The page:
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Global Financial Planning Needs Practice Knowledge

By Taylor Liao, CFP

The financial crisis of 2008 changed the economic world, as well as the market situation of the financial planning profession. Some of the outcomes from the financial crisis were positive although most were negative, such as the general decrease of wealth that was experienced by the majority of the public. 

One positive outcome I’ve observed is the popularity of financial planning among colleges. Some universities have started offering financial planning programs in several financially-related departments, which will add to the number of students who will potentially become financial planners after graduation.

Bank Employers Don’t Value CFP Certification

One negative outcome is that the CFP certification is not as highly regarded as it was several years ago. The banks have stopped providing compensation for their employees to attain CFP certification. The bank authority found that there was a conflict between traditional product sales and the comprehensive financial planning that CFP professionals are taught to use. In the employers’ perspectives, a bank employee with a CFP certification does not guarantee a better sales performance.

The Demand for Wealth Management is Hurting Financial Planning

Another area that was impacted by the financial crisis that is worth exploring is wealth management. This used to be the banks’ main business. For a while, the client had to have assets of over US$300,000 to be served. Then, due to competition, the minimum was lowered to US$100,000. This allowed more people to be eligible for wealth management, but wealth management and financial planning aren’t the same.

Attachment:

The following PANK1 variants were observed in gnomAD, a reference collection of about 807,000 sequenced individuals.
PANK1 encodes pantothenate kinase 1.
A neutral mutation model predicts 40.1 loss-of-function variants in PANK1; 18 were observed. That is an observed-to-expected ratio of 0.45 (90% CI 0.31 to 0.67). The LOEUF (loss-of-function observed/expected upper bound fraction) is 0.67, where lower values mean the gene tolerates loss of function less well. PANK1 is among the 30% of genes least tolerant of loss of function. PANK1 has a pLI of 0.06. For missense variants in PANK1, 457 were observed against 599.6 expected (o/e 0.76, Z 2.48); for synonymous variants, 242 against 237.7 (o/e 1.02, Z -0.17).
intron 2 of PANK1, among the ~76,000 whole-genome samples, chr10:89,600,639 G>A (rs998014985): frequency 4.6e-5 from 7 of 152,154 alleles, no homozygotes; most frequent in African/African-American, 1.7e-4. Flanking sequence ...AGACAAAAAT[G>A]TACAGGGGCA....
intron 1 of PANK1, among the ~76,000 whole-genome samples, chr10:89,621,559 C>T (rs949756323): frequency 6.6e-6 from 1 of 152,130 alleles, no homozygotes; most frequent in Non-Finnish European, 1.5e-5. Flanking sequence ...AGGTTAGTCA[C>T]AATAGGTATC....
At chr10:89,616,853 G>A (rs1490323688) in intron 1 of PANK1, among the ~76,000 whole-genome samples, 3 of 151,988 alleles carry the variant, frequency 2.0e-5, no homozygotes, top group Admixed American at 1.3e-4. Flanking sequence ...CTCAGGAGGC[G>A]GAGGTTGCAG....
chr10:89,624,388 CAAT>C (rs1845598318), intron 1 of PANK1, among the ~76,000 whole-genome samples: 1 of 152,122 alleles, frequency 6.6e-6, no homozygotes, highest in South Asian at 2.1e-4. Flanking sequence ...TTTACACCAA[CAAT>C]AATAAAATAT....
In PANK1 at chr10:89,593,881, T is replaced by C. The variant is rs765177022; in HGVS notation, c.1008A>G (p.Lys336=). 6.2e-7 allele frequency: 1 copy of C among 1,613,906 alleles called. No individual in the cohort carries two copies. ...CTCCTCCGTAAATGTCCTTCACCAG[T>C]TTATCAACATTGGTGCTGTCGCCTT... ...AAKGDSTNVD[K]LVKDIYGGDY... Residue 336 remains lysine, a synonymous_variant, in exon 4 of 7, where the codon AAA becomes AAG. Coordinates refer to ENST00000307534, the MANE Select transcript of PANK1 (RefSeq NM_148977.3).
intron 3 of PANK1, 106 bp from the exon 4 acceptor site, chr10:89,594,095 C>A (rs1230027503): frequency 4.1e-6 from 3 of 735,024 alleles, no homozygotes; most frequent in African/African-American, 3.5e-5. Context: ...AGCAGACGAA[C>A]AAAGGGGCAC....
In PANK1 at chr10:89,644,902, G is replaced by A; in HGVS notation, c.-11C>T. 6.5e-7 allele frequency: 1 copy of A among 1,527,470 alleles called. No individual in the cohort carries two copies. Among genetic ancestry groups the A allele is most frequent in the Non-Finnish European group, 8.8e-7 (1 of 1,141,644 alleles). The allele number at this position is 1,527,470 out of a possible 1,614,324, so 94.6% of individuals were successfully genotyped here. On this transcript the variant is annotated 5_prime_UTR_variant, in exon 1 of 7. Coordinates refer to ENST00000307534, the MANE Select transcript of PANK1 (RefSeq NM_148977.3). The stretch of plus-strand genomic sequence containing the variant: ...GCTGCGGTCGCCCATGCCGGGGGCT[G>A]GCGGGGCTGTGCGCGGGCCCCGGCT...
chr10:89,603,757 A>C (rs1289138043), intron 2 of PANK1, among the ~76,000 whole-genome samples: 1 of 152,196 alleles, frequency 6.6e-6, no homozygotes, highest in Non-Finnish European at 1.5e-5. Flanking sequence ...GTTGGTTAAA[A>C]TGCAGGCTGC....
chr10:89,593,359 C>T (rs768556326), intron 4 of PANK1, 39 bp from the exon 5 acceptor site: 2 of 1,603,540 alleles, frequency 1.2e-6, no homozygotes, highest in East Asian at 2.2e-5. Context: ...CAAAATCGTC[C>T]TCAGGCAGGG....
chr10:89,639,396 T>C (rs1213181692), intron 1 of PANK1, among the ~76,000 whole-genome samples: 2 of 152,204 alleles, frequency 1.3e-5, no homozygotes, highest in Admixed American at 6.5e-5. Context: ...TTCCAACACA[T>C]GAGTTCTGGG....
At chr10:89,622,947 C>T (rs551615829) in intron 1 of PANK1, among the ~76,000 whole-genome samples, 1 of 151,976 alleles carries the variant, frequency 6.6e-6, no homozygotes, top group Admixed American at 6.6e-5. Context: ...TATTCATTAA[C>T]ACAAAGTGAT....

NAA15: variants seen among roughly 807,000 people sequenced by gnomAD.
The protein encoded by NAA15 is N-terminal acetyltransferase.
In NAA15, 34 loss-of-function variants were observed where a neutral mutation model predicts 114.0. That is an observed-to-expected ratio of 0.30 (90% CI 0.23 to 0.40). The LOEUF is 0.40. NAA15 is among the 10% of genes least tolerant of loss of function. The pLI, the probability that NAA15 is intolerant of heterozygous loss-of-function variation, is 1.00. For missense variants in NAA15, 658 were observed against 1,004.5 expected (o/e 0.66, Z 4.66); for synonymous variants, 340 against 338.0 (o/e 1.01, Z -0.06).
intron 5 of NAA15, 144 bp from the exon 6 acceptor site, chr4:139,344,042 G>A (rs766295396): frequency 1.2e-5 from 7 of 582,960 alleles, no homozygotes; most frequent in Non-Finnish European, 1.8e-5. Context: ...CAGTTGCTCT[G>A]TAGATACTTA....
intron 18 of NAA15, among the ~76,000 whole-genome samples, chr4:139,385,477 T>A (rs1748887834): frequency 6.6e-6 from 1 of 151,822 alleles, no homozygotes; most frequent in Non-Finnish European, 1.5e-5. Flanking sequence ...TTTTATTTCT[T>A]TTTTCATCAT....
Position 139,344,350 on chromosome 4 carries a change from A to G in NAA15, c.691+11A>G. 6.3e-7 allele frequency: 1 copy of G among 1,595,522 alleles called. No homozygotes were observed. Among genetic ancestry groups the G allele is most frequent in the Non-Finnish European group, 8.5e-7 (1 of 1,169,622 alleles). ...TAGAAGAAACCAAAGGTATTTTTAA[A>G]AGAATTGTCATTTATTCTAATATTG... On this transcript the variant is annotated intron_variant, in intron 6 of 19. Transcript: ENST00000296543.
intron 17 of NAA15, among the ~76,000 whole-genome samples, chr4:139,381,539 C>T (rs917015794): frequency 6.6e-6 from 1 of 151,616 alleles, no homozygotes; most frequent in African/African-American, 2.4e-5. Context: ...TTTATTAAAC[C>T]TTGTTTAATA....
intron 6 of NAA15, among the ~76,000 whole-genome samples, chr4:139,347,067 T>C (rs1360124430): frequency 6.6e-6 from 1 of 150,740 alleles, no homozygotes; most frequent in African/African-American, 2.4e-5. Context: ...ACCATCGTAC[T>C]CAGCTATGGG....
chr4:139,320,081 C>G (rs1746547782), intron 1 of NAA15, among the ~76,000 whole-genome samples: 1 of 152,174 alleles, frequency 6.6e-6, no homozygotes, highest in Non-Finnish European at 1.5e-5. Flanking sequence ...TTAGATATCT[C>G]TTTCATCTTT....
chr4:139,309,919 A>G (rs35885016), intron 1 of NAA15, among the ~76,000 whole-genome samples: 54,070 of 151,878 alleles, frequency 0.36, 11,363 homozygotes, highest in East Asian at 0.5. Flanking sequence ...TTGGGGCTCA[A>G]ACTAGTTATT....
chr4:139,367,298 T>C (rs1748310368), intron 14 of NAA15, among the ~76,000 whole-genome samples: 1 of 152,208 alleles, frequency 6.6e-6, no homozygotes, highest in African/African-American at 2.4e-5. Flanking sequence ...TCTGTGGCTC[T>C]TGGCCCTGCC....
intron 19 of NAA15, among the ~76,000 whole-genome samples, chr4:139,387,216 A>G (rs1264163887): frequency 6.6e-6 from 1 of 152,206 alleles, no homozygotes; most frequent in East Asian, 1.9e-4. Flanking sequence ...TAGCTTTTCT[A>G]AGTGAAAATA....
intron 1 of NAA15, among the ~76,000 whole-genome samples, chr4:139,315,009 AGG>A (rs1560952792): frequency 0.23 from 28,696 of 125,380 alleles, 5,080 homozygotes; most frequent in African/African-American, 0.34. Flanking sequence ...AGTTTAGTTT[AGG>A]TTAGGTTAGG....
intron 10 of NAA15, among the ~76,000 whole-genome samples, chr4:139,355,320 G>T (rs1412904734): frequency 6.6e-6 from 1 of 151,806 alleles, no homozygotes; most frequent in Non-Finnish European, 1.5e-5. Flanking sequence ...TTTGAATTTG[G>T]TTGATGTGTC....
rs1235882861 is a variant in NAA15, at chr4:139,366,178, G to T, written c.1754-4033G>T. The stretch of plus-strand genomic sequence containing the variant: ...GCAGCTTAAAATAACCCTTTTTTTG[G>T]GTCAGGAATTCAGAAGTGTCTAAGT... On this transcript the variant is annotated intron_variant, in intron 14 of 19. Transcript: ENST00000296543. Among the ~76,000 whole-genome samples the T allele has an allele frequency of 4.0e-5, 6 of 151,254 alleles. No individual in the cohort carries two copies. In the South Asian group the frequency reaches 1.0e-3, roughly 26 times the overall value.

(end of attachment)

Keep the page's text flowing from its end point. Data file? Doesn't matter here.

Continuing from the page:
CFP certificants found that they were faced with a dilemma: either continue with products sales to meet the performance requirements or perform financial planning, based on the interests of the client. This dilemma resulted in most financial planners giving up on financial planning because it was too hard to meet the performance requirements.

There are many barriers in the banking industry, beyond the one I mentioned, that make it difficult for financial planning to exist. In my opinion, banks need to change their focus to long-term relationships with their clients, rather than short-term sales performance.

Financial Planners Are Needed Right Now

In the report: 2012 Household Financial Planning Survey, (created by Certified Financial Planner Board of Standards, Inc. and the Consumer Federation of America, released on July 23rd, 2012) there is data that shows an increasing number of Americans (38%) live paycheck to paycheck, as opposed to only 31% in 1997.

The situation is similar in Taiwan. After the financial crisis of 2008, the public struggled to save money, even those who aren’t in the low income bracket. They just couldn’t find enough money to save. For most people, their income was reduced. The slow-moving economy also reduced the possibility of increasing salaries in enterprise. On top of decreasing incomes, the high inflation of necessities such as oil, gas, and electricity made it nearly impossible for people to save.